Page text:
I started typing a comment to last Monday's post, but it was getting a bit long. And heck, I think the issues here are front-page worthy. So here it is:
Piecemeal Reform vs. Comprehensive Reform
I think Caterpillar, and the few companies who've made similar statements (about how the health care bill will cause them to lay off lots of workers) are playing a little fast and loose in order to make a point. Here's a story today about Congress kind of calling their bluff by asking them to come defend their claims before the House Energy and Commerce Committee. But even if the claims were perfectly true, it is a conversation worth having. Is guaranteeing health care for every American worth the price Caterpillar is claiming? I think it is.
But if the health care bill did in fact cause large companies to lay off workers, it would highlight a bigger issue: It's hard to win social justice one step at a time through piecemeal reforms. As Elizabeth pointed out in comments, Caterpillar would be laying off workers while it's executives continue to make millions. Or, what if instead of laying off workers they decided to cut costs by ignoring environmental laws? Or moving to Burma? It turns into a game of whack-a-mole, with democracy and social justice trying to bop capitalist excess every new place it pops up.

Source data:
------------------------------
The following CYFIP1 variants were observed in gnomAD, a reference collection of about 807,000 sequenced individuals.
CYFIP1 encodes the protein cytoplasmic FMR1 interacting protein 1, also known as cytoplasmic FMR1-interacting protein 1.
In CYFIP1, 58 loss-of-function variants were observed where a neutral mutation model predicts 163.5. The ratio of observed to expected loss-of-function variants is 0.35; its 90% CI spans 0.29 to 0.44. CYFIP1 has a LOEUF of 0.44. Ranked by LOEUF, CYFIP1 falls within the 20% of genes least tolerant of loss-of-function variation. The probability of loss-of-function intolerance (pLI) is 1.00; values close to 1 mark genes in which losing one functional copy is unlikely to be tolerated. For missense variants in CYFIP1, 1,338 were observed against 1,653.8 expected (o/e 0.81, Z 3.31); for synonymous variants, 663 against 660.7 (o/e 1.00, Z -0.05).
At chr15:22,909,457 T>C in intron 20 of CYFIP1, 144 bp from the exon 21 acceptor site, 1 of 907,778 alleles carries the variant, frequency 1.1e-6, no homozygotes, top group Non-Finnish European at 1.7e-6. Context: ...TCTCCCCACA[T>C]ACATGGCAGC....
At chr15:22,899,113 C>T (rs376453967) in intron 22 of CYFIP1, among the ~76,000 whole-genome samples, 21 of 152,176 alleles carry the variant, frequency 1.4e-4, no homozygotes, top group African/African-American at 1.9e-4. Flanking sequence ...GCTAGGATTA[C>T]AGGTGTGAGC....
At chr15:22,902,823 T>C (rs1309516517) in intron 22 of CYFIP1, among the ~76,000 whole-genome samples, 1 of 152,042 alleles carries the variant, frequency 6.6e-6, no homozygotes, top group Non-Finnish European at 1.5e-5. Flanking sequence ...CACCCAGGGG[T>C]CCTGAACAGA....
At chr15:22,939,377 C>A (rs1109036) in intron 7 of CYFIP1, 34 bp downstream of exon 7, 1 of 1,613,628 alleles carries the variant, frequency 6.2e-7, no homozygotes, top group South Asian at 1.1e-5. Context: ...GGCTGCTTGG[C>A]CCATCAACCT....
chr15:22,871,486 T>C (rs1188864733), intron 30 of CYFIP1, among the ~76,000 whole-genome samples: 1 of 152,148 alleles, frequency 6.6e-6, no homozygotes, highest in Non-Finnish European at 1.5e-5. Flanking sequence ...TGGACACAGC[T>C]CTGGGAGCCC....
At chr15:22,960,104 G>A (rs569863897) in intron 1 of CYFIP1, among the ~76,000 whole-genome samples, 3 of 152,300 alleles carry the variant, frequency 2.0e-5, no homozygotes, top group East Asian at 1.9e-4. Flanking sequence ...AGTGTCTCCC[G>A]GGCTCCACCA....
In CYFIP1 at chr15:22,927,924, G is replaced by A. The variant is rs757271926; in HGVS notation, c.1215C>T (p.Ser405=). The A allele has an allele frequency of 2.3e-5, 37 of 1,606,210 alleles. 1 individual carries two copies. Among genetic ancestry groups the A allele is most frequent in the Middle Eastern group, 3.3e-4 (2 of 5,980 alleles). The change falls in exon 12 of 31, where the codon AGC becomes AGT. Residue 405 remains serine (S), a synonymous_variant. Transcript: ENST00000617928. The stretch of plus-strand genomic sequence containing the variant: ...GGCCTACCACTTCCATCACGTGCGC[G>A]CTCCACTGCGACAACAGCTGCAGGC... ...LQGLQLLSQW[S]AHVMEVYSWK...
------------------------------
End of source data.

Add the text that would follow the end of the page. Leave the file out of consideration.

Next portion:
What we need instead is comprehensive economic reform. Instead of a system where we try to milk universal health care, living wages, and environmental standards from entities that have no interest in such things, what if we started with universal health care and a decent life for everybody as the first priority. Then we could allow corporations to rise up, and we could treat them as luxuries that only add to the basic foundation of dignity and security for every person. And if they ceased to do that, we could dissolve them. That way, we could make corporate capitalism serve us instead of the other way around.
Name Calling vs. Truth Telling
I think almost all who followed the long health care battle closely would say it was a draining experience. Such intensity from both sides. And often our politics feels pretty removed from our basic humanity, with the harsh rhetoric from every direction. But this nasty fight over the last year just won quality medical care for tens of millions of people who didn't have it. We should be reminded that some things are worth fighting for. And health care is one of them. And I agree with new commenter, What Blue Dot?, that name calling is a waste. But I hope you'll agree that we ought to have the guts to speak the names of our oppressors. If someone is standing on my neck or my neighbor's neck, I'm going to call him out. If someone is standing on my neck or my neighbor's neck by virtue of a social or economic system, I'm going to call out the system. The question is, can we call out the oppressor or the system without turning off the people we need to stand with us? Often, no.